the issues raised. The writing is snappier, and the editing is much tighter. We miss the special pause where the entire school used to read and discuss the newspaper at the start of issue days, but we don’t miss the discarded issues in the recycling bin minutes later. Mr. Parlin will never forgive us for killing the “paper,” but we can’t imagine ever going back; perhaps getting to hold our upcoming print magazine will take some of the sting out!


paper boy

24

Reminiscences of a Former Editor-in-Chief of The Minuteman, 1988-89 by Joseph C. Kusnan ’89

i

joined The Minuteman by accident. I had

because it allowed for WYSIWYG (What-You-See-

broken my knee playing soccer against

Is-What-You-Get) and eliminated the guesswork

Dwight-Englewood my junior year. I was

of galleys, cut-and-paste, mechanical mockups,

rushing forward toward the goal with the ball

and the other practices that dated back to

when I was pushed from behind and my leg

Gutenberg in 1435.

snapped violently forward, ripping the ligaments in my knee. My soccer career was over. The date

We used a Compaq Portable computer. It was

was October 19, 1987. Black Monday. The Stock

the first IBM PC compatible computer of its

Market Crash. An inauspicious beginning for

kind. Suitcase-sized (28 pounds), the Compaq

this future Editor-in-Chief.

cost over $3,500 at the time when Newark Academy tuition was $8,200. I cannot remember

Faculty member Joe Ball suggested that I join

exactly how Newark Academy had access to

The Minuteman. Mr. Ball had been my World

something so technologically advanced. It was a

Cultures teacher in eighth grade. He was (and

treasure. I was already obsessed with computers

remains) a kind, wonderful and compassionate

and I would bring it home nearly every day to

mentor. He was one of the first people at

do layout work for The Minuteman and to learn

Newark Academy to believe in this short, shy,

more about how it worked. Laser printing was

sensitive kid who had transferred from Delbarton

so expensive we had to go to a printing company

and Pingry. Mr. Ball had recently taken over as

down Columbia Turnpike with our floppy disks

faculty advisor to The Minuteman and suggested

just to see what our work looked like.

that I try it out. I became layout editor. Michael Waldorf ’88 was Editor-in-Chief.

The Minuteman staff would meet during Club Period during the week. When I became Editor-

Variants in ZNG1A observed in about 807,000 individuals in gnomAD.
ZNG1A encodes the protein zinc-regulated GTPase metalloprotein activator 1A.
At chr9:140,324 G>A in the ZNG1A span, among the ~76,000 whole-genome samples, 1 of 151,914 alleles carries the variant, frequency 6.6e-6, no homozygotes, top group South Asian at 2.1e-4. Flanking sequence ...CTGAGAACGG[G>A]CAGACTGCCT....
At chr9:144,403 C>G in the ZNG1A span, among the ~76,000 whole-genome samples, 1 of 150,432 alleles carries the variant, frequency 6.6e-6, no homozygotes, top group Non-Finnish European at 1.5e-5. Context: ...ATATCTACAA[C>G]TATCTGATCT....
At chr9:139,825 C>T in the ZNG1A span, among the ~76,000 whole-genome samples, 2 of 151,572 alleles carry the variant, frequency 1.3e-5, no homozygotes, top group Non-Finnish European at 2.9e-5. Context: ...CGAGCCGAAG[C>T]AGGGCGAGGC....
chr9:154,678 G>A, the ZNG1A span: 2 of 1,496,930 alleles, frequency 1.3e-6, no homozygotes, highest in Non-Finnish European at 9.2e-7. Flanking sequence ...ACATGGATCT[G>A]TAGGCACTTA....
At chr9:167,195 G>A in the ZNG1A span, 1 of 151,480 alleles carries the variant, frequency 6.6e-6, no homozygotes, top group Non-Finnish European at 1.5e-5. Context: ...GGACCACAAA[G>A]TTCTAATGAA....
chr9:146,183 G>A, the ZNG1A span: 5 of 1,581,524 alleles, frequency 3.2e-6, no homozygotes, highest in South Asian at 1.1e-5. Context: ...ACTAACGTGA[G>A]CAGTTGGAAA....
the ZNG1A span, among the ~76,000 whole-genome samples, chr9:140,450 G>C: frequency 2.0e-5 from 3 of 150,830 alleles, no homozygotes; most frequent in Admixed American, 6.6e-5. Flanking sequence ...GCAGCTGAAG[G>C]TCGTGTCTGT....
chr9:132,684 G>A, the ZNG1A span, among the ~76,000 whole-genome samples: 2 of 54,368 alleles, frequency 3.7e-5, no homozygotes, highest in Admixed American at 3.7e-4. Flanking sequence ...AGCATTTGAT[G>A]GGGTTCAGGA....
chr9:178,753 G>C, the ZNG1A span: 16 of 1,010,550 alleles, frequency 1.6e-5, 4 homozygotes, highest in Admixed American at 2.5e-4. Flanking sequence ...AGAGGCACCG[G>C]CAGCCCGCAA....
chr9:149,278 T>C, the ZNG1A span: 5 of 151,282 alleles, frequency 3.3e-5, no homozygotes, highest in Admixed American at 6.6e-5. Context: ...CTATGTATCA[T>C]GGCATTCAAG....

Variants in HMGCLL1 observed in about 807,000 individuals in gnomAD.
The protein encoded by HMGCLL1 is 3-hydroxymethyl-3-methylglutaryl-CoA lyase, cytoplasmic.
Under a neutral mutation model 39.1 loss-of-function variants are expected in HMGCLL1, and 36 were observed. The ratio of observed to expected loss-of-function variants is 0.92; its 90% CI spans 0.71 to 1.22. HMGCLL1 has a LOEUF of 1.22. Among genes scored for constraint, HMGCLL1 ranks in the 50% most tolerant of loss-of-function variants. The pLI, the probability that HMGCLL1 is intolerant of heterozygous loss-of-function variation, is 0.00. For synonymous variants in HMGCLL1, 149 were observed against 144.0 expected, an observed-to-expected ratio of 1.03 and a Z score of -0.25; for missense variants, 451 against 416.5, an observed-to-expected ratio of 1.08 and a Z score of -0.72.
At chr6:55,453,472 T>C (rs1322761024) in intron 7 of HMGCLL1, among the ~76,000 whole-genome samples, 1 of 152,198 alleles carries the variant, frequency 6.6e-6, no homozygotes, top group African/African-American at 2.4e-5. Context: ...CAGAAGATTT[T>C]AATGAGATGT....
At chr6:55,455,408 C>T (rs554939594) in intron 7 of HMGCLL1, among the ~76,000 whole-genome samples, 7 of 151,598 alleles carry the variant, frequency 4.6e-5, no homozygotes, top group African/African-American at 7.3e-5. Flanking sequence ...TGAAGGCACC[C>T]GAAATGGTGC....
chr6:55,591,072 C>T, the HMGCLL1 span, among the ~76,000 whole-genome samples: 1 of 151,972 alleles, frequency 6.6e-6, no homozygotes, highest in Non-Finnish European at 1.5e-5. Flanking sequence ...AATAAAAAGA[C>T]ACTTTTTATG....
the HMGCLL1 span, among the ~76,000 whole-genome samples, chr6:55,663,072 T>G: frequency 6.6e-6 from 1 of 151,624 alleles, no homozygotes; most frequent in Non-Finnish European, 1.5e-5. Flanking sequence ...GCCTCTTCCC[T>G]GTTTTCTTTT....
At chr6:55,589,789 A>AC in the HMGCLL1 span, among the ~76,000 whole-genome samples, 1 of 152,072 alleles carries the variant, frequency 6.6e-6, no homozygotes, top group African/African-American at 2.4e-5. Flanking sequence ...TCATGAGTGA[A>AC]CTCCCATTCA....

In 1987, personal computers were primitive but

in-Chief, I always remember the thrill of putting

ubiquitous – I had been using a computer since

the articles together and the satisfaction of

the Apple II in 1977 and had one of the first

watching people read them in the hallways and

IBM PCs in 1982. The idea of using a personal

talking about them. We had an all-star staff –

computer for newspaper layout was still revolu-

Iris Yen ’89, Melissa Shaner ’89, Jay Park ’89,

tionary. The first desktop publishing program,

Larry Levine ’89, Kwame Ivery ’89, Gary Walk ’89,

PageMaker, had been released in 1985. It would

Wendy Xa ’89, Jim Sorhagen ’89, Richard Worth ’90,

only become available for IBM PCs in 1987 on

and Irene Yen ’90 (a future Editor-in-Chief),

Windows 1.0. PageMaker was a major advance

among others. I don’t remember any ground-

Celebrating 70 years of The Minuteman


25

breaking articles or journalism. We were so

government without newspapers or newspapers

young. But I do remember getting the spark –

without a government, I should not hesitate a

for working on something intellectual, for being

moment to prefer the latter.”

part of a team, for connecting with an audience, and the insight that technology could be fun.

So many years later, people sometimes ask me what else I might be doing if I were not on Wall

Working on The Minuteman has stayed with me

Street. I always think that I might have been a

to this present day. First, journalism requires

journalist. I remain a journalist at heart. I will

the ability to write and communicate succinctly,

always be proud and grateful of my time as

which is immensely valuable in the real world.

Editor-in-Chief of The Minuteman.

Email, Blogging, Facebook, Texting, and Twitter

provides perspective, and enables civil discourse

and debate. Journalism allows us to aspire

Joseph Kusnan was Editor-in-Chief of The

toward civilization’s highest ideals. When the

Minuteman from 1988-89. He was president

world is wrong, journalism can stand up for

of his class from 1985-89. He graduated from

what is right. Journalism can speak the truth.

Harvard and has worked in money management

As Thomas Jefferson once wrote, “... were it

since 1993 in New York City where he lives with

left to me to decide whether we should have a

his family.

mean that we write more than ever – mostly poorly. It is essential to be able to craft an argument and dress it with literary style, vocabulary and punch. Second, journalism demands the discipline to research, write and think under time pressure. Journalism uncovers, reports and organizes facts cogently in order to distill them into their essence. The real world is full of deadlines, headlines and bylines. If I have one regret, it is that we never tackled any great issue, any great debate, any great controversy while I was Editor-in-Chief. One is always reminded from The Minuteman masthead that one is part of a great historical legacy. 1774. Ad Lumen. Journalism at its best informs,

In 1987,

personal computers were

primitive but ubiquitous. ..

The idea of using a personal

computer for newspaper layout was

still revolutionary.

2011

1940

1992

” )


from the

26

Archives by Blackie Parlin